Friday, January 17, 2014

"Debutante Ball" by History Theatre at the Minnesota History Center

The second new work presented as part of the History Theatre's Raw Stages Festival is Debutante Ball, about a group of Filipino-American youth preparing for the traditional Debutante Ball, and the strict but supportive woman who guides them through the process. Written by Eric "Pogi" Somangil and directed by Randy Reyes (newly crowned Artistic Director of Mu Performing Arts), it's a charming look at young people and the usual struggle to find yourself at that age, along with the added struggle of trying to figure out what it means to be Filipino-American.

We meet six teenagers, three girls preparing for the Debutante Ball (played with youthful charm by Jöelle Fernandez, Suzie Juul, and Noelle Trovela) and the three boys who will serve as their escorts (the equally youthful and charming Patrick Faunillan, Alex Galick, and Kenneth Gonzales). Anna is participating despite her parents' objections, who have chosen to forget their Filipino heritage and raise their daughter as an assimilated American. But she longs to know more about her culture, so she moves in with a friend, gets a job, and decides to do this on her own. She spends time with her new friends (typical teenagers like the spoiled rich girl, the smart and independent girl, the cocky jock, and the nerdy awkward boy) and Tita Belinda, the community auntie who is hard on the kids as she teaches them to dance, but has a soft spot underneath for her charges (the character is based on a real person). The highlight of the show is a fully realized and completely entertaining performance by Arnold Felizardo as Tita.

The play features very natural language, with the teenagers talking like real teenagers talk. They also mix in some words from the Filipino language in an organic way. The history of the Debutante Ball, and the Philippines in general, is told in a very clever and well-done rap by the entire cast. Because it came early in the show, I was expecting there to be more music in the play than there was. A few lines were later sung as the boys serenade one of the girls, but it was quickly replaced by a recording of DaHil Sa 'Yo. I would love to see more live music incorporated into the next incarnation of the show, in this section and also the dancing scenes. One thing there is much of in this play is humor; I particularly enjoyed the argument about why hobbits are Filipino.

Another night at the Raw Stages Festival, another well-written and promising new play brought to life by a talented cast. Hooray for the History Theatre for fostering new work that is specific to this place, giving all Minnesotans a chance to tell their story. I appreciated the opportunity to learn a bit more about the Filipino-American culture that is so active right here in Minnesota (see the Fil-Minnesotan website to learn more).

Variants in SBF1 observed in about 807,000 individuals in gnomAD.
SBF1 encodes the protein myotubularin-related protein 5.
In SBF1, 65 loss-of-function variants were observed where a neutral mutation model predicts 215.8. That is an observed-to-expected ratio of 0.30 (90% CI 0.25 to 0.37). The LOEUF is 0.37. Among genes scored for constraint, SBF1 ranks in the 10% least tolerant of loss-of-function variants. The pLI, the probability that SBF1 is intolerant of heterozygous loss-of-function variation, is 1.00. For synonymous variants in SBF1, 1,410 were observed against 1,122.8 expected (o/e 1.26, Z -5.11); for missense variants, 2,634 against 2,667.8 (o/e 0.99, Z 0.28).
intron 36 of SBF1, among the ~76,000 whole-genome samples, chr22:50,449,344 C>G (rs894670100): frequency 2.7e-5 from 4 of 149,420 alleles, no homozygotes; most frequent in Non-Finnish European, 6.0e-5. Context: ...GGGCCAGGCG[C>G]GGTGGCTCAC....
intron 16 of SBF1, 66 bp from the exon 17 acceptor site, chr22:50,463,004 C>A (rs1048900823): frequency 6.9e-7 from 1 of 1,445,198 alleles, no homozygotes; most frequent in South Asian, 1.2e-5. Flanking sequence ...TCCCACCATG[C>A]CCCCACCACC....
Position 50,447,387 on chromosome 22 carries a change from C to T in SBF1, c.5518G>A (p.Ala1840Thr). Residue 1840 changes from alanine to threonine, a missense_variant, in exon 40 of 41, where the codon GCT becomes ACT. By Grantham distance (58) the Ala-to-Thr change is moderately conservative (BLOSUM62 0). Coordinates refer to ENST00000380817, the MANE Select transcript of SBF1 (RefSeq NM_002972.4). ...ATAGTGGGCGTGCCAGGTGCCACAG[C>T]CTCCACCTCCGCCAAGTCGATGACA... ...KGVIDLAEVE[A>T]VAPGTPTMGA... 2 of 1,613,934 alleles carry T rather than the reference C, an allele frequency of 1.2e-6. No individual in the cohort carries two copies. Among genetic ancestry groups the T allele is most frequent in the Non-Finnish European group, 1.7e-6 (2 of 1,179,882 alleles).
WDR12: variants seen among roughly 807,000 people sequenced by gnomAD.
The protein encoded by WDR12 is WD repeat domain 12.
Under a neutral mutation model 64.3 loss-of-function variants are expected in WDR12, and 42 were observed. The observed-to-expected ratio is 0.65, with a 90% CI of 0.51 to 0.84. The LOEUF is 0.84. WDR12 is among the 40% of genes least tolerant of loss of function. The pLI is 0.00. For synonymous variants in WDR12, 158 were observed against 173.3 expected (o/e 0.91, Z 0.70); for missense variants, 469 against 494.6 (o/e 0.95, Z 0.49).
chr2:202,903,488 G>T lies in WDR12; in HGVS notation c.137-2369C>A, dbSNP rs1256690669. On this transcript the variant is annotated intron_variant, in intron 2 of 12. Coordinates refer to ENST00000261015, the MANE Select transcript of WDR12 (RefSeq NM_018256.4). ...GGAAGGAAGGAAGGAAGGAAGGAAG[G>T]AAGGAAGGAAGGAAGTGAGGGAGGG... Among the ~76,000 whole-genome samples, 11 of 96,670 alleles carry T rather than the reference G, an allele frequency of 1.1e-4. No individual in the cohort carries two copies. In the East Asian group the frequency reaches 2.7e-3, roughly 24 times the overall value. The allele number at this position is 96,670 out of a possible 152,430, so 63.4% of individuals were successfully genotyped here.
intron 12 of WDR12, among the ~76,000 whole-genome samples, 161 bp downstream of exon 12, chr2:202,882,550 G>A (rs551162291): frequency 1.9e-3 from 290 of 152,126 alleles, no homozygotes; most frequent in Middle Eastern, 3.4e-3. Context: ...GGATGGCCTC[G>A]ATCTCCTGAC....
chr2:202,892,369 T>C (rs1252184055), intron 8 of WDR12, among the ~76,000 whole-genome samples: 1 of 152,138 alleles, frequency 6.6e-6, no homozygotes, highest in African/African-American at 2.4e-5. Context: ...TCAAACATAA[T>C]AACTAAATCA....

there's something so exciting about a bare stage,
where anything can happen!

2 comments:

wilyfilipino said...

Hi Jill! Thanks for coming out to the reading. I wanted to let you know that my intention was for there to be a lot of music throughout the piece, from waltz rehearsal music to hip hop, to Filipino folk songs/dances as well as a live version of Dahil Sa 'yo. For a staged reading we're limited in a lot of ways, including shortened rehearsal time, and no sound design/music direction, so we consciously chose to focus on developing the story and doing character work rather than spend time in rehearsal learning a live song.

And rest assured, Tita Belinda is not the only character based on a real person. Every character on that stage is based on people I knew from my days in the Debs ball. Some of them were actually there at the reading. In some ways, AJ is based on me. And yes, I actually did a harana for my debutante partner the 2nd year I escorted the ball. Gusting is my dad's nickname, and he was in a dance troupe with "Tita Belinda" where he kept notes of her steps and irritated her by bringing out his notebook when she would tell them that they're doing something wrong.

And yes, I once got in an argument with someone who was CONVINCED that Hobbits were based on Filipinos.

Thanks again for coming to the reading. If/when the show is fully produced, I hope you'll come see it, with all the music and such, full out.

--Pogi

jill said...

Hi Pogi, thanks so much for the background, how fun! I look forward to the full production with more music. You're off to a great start!